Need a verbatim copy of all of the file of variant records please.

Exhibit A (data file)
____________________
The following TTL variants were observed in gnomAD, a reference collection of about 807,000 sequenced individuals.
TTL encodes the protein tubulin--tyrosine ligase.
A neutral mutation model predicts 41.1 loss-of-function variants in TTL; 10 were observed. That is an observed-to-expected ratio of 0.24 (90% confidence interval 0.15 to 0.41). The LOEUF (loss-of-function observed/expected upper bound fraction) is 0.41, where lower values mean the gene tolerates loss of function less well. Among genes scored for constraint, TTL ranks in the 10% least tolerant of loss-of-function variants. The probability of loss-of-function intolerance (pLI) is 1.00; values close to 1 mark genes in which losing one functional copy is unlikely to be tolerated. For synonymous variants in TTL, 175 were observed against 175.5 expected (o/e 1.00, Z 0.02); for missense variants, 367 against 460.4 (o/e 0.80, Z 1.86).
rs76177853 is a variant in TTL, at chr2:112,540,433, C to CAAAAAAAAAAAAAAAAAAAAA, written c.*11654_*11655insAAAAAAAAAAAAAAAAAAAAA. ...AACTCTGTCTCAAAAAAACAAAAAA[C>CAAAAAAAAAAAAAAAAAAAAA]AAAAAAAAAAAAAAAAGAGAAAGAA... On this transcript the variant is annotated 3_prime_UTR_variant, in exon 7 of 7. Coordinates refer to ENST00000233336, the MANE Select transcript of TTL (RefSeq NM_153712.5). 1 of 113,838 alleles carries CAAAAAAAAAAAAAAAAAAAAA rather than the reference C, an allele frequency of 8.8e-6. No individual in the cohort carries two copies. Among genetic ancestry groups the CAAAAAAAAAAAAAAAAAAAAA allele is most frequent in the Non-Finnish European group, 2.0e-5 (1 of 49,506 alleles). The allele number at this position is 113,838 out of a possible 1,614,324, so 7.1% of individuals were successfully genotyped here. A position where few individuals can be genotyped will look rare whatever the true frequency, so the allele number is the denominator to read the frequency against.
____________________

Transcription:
The following TTL variants were observed in gnomAD, a reference collection of about 807,000 sequenced individuals.
TTL encodes the protein tubulin--tyrosine ligase.
A neutral mutation model predicts 41.1 loss-of-function variants in TTL; 10 were observed. That is an observed-to-expected ratio of 0.24 (90% confidence interval 0.15 to 0.41). The LOEUF (loss-of-function observed/expected upper bound fraction) is 0.41, where lower values mean the gene tolerates loss of function less well. Among genes scored for constraint, TTL ranks in the 10% least tolerant of loss-of-function variants. The probability of loss-of-function intolerance (pLI) is 1.00; values close to 1 mark genes in which losing one functional copy is unlikely to be tolerated. For synonymous variants in TTL, 175 were observed against 175.5 expected (o/e 1.00, Z 0.02); for missense variants, 367 against 460.4 (o/e 0.80, Z 1.86).
rs76177853 is a variant in TTL, at chr2:112,540,433, C to CAAAAAAAAAAAAAAAAAAAAA, written c.*11654_*11655insAAAAAAAAAAAAAAAAAAAAA. ...AACTCTGTCTCAAAAAAACAAAAAA[C>CAAAAAAAAAAAAAAAAAAAAA]AAAAAAAAAAAAAAAAGAGAAAGAA... On this transcript the variant is annotated 3_prime_UTR_variant, in exon 7 of 7. Coordinates refer to ENST00000233336, the MANE Select transcript of TTL (RefSeq NM_153712.5). 1 of 113,838 alleles carries CAAAAAAAAAAAAAAAAAAAAA rather than the reference C, an allele frequency of 8.8e-6. No individual in the cohort carries two copies. Among genetic ancestry groups the CAAAAAAAAAAAAAAAAAAAAA allele is most frequent in the Non-Finnish European group, 2.0e-5 (1 of 49,506 alleles). The allele number at this position is 113,838 out of a possible 1,614,324, so 7.1% of individuals were successfully genotyped here. A position where few individuals can be genotyped will look rare whatever the true frequency, so the allele number is the denominator to read the frequency against.